Crooked Nose After Septorhinoplasty - 3 Months Later? (photo)

I had Rhinoplasty - Septoplasty to "straighten" my broken nose 3 months ago. I think my nose still looks almost the same as before the surgery other than taking the hump away. It has been 3 months already and my surgeon say there is nothing more he can do. Will my nose look better and be more centered once any swelling that is still left goes away? One Nostril is still larger than the other, can this be corrected? Where should I go from here?

Doctor Answers (5)

Postoperative swelling after rhinoplasty can last for several months, but minor revisions may be possible

+2

Thank you for posting your question.  It is still relatively early in your healing process, and swelling after rhinoplasty can last for up to one year.   It would be helpful to see your "before" preoperative photos for comparison to see if you had any baseline asymmetry.  Close follow up with your plastic surgeon is important so that he/she can see the evolution of the healing and make any appropriate recommendations along the way.  It is possible to reduce the size of the nostrils, or perhaps just one nostril in order to improve the symmetry, however this should be evaluated in person.  In some patients with underlying midfacial asymmetry, building out the "foundation" of the nose with filler into the medial cheek can help improve the nasal base symmetry as well. 

Best wishes and good luck to you in your recovery!


San Francisco Facial Plastic Surgeon
5.0 out of 5 stars 11 reviews

Crooked Nose After Septorhinoplasty - 3 Months Later?

+1

                 The nose could still be maturing for up to a year or more.  Swelling will depend upon the nature of maneuvers employed, presence of grafts or implants, thickness of skin, open vs closed etc.

Kenneth Hughes, MD

Los Angeles, CA

Kenneth B. Hughes, MD
Los Angeles Plastic Surgeon
5.0 out of 5 stars 177 reviews

Still crooked after rhinoplasty

+1

Straightening a broken nose or a fractured septum is more difficult than first time rhinoplasty. The septum often will have 'memory' and tend to resume its original shape unless very well supported. Now wait out full healing and then decide if the imperfection is worth going after.

Peter E. Johnson, MD
Chicago Plastic Surgeon
4.0 out of 5 stars 26 reviews

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It might get a little better.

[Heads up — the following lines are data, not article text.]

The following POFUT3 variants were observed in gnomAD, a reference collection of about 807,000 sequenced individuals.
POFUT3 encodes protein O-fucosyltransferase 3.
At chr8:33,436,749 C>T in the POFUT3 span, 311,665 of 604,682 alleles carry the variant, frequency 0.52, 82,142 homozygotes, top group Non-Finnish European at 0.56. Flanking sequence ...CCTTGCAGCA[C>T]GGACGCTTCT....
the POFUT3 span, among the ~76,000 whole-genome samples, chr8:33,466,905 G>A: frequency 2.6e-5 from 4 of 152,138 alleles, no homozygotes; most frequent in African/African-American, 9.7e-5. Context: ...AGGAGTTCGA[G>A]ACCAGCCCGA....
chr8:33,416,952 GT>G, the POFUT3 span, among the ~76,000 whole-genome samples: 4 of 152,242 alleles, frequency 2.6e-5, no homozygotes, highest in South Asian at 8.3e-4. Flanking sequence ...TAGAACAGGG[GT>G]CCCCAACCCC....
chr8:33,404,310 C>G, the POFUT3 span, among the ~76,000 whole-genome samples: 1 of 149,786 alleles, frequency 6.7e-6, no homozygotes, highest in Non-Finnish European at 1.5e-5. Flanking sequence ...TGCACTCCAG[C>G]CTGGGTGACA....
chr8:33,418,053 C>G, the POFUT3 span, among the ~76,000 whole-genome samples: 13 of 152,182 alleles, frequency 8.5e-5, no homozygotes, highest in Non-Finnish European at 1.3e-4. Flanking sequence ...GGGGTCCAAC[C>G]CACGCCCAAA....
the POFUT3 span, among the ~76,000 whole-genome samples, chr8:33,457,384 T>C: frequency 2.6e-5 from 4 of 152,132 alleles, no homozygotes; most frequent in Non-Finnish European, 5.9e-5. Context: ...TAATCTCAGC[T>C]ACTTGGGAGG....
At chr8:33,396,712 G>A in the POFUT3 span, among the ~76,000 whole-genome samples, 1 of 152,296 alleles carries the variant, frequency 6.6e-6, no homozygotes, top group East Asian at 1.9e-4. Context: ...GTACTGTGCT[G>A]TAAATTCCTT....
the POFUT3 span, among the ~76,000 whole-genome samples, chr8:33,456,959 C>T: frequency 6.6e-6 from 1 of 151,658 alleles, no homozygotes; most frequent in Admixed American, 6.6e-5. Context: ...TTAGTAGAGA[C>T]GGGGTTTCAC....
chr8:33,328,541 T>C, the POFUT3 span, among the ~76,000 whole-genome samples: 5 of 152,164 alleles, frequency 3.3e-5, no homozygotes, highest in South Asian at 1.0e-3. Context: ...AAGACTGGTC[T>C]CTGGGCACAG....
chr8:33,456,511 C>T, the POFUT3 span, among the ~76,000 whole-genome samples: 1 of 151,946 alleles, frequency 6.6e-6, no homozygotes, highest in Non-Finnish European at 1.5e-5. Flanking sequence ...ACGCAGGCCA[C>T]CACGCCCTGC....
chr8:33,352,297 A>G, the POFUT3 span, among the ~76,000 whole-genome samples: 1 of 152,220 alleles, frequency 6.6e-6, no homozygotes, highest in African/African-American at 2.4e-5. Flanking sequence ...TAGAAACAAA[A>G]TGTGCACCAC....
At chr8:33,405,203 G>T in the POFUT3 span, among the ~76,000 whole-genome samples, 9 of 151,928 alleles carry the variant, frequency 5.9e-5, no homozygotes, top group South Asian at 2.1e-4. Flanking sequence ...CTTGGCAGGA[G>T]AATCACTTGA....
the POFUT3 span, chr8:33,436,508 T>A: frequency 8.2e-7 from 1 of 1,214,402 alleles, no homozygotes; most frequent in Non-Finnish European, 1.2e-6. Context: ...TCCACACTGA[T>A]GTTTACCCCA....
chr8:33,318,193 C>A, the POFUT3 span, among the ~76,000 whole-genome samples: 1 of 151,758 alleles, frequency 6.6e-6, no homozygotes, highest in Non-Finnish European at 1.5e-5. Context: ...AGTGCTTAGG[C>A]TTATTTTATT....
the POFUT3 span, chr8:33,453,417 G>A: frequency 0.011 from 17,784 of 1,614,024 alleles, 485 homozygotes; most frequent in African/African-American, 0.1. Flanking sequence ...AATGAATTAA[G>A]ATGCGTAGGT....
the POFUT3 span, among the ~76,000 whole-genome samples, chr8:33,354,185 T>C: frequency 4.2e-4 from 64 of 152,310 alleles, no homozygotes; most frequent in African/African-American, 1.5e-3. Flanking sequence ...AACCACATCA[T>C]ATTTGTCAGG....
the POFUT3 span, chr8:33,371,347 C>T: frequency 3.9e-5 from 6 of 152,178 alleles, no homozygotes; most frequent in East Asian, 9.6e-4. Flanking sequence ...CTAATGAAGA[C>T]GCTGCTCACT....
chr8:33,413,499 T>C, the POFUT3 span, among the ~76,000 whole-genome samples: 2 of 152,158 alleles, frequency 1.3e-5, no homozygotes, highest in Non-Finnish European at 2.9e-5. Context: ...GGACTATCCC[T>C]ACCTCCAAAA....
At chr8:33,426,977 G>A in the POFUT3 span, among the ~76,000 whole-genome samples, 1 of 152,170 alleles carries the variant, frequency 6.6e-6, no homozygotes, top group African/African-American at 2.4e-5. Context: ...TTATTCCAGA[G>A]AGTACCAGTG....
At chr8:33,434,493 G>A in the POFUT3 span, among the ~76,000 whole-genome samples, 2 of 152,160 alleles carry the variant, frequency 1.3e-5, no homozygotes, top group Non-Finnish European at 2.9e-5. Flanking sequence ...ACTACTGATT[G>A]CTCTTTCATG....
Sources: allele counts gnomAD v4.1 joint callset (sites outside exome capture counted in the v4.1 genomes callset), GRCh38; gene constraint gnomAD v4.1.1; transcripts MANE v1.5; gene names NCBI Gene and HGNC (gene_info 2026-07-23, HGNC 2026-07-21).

+1

Hello dth,

Thanks for your question.  You are still only about 25% done with your nasal healing.  Alot can change in the next 9 months.  It typically takes a year for a nose to finish healing after surgery.  Gentle pressure by taping, along with soft tissue massage may further shape your nose over the next several months.  Remember that your nose was traumatized twice: once by the break and then the second time by the surgery to fix it.  Depending on your normal amount of pretraumatic asymmetry, you will probably have some postoperative asymmetry as well.  After a year, if you don't like the position of your nose or the shape of your nostrils, I suggest you consult with a specialist in revision rhinoplasty about your options both surgical and nonsurgical.

Good luck,

Dr. Shah

Manish H. Shah, MD, FACS
Denver Plastic Surgeon
5.0 out of 5 stars 19 reviews

3 Months Post Op Rhinoplasty

+1

It is VERY important to follow up with your Plastic Surgeon regarding your recovery.  It takes months for all the swelling to go down, but in some cases minor revisions are needed.  Usually these revisions are done in an office setting with very little recovery time needed.  Your Plastic Surgeon will know if this is necessary, as healing from the septo-rhinoplasty can take months.  Discuss these and all questions with your Plastic Surgeon, as he is the best one to guide you to recovery. Best wishes!

Robert E. Zaworski, MD
Atlanta Plastic Surgeon
5.0 out of 5 stars 23 reviews

These answers are for educational purposes and should not be relied upon as a substitute for medical advice you may receive from your physician. If you have a medical emergency, please call 911. These answers do not constitute or initiate a patient/doctor relationship.